I was presented with a question following a series of emails that had gone back and forth. I answered the question with a succinct and honest response and was shocked, but more than that I was perversely amused, by the six paragraph diatribe that followed my response. Contained in those six paragraphs were lines of self-flattery, condescending comments made to provoke a response and an overall lack of understanding for the reason the conversation began in the first place.

Being a writer and loving the opportunity to embrace each moment I am able to use my words, I wisely declined to comment on this onslaught of nonsense and I took the higher road. I’m sure my lack of response will have more of an effect on this person’s psyche than any string of phrases I could ever write in reaction to his mindless observations. But being a writer also means I am adept at doing research online and I spent some time attempting to find any corroborating evidence of his claims. I found nothing.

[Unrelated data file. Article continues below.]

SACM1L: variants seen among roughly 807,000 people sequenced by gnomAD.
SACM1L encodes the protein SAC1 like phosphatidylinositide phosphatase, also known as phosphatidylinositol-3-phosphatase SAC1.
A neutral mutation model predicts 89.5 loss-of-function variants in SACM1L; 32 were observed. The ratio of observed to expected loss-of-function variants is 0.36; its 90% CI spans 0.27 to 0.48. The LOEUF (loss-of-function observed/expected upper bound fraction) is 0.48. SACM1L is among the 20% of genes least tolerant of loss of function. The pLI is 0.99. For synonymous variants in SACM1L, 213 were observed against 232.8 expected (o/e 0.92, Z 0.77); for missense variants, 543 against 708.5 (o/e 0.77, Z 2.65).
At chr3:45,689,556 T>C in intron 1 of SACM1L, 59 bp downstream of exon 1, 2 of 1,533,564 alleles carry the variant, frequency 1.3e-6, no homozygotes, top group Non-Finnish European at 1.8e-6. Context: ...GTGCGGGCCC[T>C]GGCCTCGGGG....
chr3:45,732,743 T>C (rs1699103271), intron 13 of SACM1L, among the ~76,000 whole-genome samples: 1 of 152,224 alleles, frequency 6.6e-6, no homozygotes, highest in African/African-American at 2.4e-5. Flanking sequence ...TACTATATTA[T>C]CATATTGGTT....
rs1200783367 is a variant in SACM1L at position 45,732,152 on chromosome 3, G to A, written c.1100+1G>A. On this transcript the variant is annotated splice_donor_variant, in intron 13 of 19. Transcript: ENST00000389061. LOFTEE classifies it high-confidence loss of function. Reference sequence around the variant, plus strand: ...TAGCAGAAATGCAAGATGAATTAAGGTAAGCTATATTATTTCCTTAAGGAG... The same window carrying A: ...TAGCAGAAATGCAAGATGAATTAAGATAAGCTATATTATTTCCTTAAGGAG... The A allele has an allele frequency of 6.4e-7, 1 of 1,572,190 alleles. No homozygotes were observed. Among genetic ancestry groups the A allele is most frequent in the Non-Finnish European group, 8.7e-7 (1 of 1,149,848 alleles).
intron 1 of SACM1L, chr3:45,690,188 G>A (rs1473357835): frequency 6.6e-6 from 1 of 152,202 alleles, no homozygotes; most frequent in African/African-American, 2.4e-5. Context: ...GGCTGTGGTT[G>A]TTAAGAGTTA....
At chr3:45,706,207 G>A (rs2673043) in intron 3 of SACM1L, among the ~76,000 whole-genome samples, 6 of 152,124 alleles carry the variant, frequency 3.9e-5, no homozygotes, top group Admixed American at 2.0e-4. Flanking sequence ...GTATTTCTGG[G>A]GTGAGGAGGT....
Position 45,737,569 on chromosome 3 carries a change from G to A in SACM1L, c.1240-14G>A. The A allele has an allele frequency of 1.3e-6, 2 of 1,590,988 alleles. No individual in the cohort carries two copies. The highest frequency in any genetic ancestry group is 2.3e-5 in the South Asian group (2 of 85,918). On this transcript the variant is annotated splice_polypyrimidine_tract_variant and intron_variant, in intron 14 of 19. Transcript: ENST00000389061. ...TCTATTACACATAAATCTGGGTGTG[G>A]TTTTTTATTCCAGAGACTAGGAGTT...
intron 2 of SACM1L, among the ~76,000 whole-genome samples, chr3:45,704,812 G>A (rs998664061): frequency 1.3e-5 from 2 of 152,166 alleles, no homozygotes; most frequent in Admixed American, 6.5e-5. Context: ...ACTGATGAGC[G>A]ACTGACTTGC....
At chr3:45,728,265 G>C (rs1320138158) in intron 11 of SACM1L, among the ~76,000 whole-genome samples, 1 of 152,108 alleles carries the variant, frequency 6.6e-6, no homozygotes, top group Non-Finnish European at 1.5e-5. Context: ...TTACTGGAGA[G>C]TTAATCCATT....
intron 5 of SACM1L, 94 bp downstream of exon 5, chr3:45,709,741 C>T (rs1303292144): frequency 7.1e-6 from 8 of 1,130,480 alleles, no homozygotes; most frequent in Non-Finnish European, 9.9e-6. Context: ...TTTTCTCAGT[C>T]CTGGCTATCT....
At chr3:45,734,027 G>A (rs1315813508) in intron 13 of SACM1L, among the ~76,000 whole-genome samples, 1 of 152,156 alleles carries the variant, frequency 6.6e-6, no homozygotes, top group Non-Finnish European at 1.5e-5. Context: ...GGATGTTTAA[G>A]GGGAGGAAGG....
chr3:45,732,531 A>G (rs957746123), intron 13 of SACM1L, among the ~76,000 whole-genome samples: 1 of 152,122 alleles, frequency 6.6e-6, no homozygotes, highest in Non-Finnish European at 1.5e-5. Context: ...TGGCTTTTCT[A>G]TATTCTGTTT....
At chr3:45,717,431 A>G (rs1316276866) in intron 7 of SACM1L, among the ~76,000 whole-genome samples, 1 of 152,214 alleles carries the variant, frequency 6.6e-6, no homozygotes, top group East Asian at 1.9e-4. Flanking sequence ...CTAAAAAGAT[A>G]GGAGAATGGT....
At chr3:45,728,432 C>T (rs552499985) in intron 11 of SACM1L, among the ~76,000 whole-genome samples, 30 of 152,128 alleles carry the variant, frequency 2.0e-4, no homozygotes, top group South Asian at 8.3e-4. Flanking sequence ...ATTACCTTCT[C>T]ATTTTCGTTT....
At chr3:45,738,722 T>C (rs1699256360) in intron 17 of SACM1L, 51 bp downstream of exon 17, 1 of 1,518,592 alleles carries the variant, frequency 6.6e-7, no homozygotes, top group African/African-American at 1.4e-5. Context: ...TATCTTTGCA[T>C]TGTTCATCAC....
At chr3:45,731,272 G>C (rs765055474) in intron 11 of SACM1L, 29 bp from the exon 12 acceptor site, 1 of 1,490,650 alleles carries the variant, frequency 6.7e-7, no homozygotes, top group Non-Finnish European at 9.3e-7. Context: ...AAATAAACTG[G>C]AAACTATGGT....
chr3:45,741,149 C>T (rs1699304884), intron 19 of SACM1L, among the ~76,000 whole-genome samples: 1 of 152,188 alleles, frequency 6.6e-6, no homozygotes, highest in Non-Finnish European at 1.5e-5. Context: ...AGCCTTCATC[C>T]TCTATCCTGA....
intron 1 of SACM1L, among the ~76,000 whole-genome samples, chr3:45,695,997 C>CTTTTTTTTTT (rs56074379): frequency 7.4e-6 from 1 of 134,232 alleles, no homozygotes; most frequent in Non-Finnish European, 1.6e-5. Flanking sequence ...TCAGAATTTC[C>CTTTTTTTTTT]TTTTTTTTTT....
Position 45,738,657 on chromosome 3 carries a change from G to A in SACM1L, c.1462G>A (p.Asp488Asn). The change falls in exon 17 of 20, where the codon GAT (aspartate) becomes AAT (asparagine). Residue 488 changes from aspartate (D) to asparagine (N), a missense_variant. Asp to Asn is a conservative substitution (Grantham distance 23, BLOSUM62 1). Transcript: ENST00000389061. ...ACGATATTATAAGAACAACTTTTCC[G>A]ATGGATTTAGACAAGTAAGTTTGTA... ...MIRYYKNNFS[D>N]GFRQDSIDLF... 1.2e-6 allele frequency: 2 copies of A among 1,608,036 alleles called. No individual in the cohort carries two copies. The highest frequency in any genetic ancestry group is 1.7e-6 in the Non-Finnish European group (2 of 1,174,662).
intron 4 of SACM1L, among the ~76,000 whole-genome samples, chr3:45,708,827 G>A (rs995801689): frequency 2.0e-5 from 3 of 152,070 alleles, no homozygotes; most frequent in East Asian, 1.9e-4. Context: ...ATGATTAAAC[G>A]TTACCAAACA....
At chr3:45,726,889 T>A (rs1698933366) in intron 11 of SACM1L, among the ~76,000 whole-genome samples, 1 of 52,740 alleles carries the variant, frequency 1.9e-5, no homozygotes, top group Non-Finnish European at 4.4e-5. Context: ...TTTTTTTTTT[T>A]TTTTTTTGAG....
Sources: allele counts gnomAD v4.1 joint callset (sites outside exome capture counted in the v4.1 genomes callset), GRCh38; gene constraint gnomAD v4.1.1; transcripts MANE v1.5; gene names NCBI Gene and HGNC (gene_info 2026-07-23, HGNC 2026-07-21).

In the age of being present online to sell yourself and expound on your abilities and achievements, especially for a narcissist, the crickets chirped louder with each questioning line I typed into the Google search engine. This person, the man who expounded on his many great accomplishments in his field, wasn’t even a blip on the radar that is so keen to share prolific details of any public success. He is a ghost.

The precious moments of time I spent disproving his claims may be seen as impractical but I needed that vindication. I am unable to walk away from a situation, even something as petty as this, without knowing I gave him every benefit of the doubt. This case is now closed and he, his ego and his narcissism can all live happily ever after.